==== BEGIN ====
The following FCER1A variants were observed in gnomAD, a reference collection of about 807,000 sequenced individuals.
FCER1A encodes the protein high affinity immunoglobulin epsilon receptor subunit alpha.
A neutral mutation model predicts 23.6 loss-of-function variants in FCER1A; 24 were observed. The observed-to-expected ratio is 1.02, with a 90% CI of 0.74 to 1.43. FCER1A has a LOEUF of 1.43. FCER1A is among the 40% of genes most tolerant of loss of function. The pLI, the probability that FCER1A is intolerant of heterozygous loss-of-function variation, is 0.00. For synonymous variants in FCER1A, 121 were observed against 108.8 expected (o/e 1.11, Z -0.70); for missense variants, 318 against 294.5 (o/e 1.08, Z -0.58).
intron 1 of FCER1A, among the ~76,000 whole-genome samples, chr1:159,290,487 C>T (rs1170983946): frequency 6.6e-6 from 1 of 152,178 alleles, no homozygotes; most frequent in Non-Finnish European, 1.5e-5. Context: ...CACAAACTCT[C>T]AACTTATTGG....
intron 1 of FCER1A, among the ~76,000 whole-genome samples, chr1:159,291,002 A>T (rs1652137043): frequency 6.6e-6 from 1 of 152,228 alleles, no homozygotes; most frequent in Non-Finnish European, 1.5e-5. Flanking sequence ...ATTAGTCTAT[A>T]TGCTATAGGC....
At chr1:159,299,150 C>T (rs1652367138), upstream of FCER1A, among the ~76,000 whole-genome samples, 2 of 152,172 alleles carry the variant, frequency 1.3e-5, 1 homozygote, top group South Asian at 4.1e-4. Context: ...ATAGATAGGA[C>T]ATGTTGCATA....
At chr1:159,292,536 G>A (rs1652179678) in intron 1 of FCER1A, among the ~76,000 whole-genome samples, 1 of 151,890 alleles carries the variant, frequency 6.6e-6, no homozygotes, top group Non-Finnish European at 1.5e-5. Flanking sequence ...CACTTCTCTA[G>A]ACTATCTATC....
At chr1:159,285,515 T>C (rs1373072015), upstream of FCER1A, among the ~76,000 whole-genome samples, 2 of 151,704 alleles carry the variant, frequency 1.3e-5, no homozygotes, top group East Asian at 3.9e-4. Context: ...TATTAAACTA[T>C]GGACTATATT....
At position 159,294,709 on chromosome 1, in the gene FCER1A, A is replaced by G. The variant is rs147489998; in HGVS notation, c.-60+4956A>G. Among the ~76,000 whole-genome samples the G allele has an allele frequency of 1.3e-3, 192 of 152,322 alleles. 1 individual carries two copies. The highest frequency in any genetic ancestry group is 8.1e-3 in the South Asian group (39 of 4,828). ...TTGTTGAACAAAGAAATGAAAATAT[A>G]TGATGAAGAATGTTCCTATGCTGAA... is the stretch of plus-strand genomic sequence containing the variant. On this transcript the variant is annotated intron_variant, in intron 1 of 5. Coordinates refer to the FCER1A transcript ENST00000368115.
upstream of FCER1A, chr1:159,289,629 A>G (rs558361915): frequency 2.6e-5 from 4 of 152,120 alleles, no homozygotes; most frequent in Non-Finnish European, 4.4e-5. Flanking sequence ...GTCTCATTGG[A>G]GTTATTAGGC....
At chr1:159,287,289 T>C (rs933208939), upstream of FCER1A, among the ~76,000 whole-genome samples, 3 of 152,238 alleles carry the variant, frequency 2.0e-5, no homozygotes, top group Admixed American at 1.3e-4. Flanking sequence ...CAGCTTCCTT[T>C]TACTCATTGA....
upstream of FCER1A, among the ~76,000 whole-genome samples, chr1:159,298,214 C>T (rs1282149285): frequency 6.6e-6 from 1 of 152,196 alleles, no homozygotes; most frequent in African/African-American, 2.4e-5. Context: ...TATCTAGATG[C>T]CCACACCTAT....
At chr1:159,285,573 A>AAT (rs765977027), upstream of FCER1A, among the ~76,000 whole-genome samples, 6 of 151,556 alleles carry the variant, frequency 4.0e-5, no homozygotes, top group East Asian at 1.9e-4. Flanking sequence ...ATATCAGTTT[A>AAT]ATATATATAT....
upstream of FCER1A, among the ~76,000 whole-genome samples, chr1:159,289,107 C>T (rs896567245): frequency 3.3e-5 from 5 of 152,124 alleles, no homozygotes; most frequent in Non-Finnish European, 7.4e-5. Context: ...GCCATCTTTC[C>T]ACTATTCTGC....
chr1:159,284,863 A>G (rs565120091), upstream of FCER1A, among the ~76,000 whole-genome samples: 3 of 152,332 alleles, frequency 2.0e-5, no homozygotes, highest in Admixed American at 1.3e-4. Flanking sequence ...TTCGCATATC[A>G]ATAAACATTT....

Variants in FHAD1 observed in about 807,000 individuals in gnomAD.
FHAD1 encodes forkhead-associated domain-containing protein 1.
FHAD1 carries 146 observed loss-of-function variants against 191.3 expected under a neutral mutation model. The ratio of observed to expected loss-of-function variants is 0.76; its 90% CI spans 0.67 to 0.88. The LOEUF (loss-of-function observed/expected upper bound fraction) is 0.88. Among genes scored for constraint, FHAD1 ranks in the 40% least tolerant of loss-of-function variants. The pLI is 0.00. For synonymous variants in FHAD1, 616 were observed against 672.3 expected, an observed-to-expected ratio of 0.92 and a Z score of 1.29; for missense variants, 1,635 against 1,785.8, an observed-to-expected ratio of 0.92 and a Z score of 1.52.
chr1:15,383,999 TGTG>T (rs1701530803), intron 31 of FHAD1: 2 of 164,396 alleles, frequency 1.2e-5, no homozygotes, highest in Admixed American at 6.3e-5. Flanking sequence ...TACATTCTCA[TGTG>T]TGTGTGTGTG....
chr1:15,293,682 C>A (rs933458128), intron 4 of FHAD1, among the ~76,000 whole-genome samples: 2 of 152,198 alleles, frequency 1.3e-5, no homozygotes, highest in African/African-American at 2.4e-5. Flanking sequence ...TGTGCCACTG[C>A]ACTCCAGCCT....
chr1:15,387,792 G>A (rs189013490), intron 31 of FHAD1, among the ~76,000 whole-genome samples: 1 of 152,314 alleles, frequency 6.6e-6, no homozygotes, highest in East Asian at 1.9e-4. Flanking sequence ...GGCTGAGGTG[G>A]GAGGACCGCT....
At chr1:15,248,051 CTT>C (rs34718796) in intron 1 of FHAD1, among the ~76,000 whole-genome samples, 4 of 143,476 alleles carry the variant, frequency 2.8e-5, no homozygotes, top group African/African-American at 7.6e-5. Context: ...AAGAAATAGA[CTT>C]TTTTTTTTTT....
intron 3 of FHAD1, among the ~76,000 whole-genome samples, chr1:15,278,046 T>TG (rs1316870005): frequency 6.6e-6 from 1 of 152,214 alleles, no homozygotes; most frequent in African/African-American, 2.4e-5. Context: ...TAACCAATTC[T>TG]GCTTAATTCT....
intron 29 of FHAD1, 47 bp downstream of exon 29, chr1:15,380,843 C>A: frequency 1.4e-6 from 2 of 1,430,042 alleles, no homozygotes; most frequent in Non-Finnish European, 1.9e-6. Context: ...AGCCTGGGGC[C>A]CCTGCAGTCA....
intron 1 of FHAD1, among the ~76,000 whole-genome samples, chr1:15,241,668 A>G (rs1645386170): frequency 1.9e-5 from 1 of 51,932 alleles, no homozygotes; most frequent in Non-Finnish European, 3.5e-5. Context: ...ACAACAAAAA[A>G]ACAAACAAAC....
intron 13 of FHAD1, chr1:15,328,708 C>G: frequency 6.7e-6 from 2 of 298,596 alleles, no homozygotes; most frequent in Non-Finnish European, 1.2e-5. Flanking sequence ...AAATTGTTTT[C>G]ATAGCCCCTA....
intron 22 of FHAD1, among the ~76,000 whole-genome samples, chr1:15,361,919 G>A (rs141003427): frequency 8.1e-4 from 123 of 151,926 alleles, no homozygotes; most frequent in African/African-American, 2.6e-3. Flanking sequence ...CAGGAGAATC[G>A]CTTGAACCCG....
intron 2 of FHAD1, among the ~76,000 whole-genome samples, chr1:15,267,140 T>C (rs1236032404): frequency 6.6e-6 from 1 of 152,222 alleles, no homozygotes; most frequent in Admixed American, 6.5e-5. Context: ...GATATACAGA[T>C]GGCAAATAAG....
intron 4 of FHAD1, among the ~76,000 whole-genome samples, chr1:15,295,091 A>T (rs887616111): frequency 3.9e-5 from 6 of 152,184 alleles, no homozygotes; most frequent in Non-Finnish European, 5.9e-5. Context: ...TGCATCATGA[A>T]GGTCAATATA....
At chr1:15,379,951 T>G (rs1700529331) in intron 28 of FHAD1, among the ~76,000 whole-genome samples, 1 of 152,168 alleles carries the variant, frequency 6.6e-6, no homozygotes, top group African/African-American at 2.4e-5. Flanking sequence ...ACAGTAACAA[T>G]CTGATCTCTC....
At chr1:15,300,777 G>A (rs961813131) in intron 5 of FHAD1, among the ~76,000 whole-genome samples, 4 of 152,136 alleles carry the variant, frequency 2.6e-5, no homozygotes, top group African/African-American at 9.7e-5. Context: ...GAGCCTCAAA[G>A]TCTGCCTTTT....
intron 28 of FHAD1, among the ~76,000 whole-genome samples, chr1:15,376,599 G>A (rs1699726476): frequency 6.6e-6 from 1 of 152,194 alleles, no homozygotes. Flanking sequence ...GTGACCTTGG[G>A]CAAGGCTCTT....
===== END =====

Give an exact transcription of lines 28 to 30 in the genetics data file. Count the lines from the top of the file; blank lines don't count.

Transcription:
intron 2 of FHAD1, among the ~76,000 whole-genome samples, chr1:15,267,140 T>C (rs1236032404): frequency 6.6e-6 from 1 of 152,222 alleles, no homozygotes; most frequent in Admixed American, 6.5e-5. Context: ...GATATACAGA[T>C]GGCAAATAAG....
intron 4 of FHAD1, among the ~76,000 whole-genome samples, chr1:15,295,091 A>T (rs887616111): frequency 3.9e-5 from 6 of 152,184 alleles, no homozygotes; most frequent in Non-Finnish European, 5.9e-5. Context: ...TGCATCATGA[A>T]GGTCAATATA....
At chr1:15,379,951 T>G (rs1700529331) in intron 28 of FHAD1, among the ~76,000 whole-genome samples, 1 of 152,168 alleles carries the variant, frequency 6.6e-6, no homozygotes, top group African/African-American at 2.4e-5. Flanking sequence ...ACAGTAACAA[T>G]CTGATCTCTC....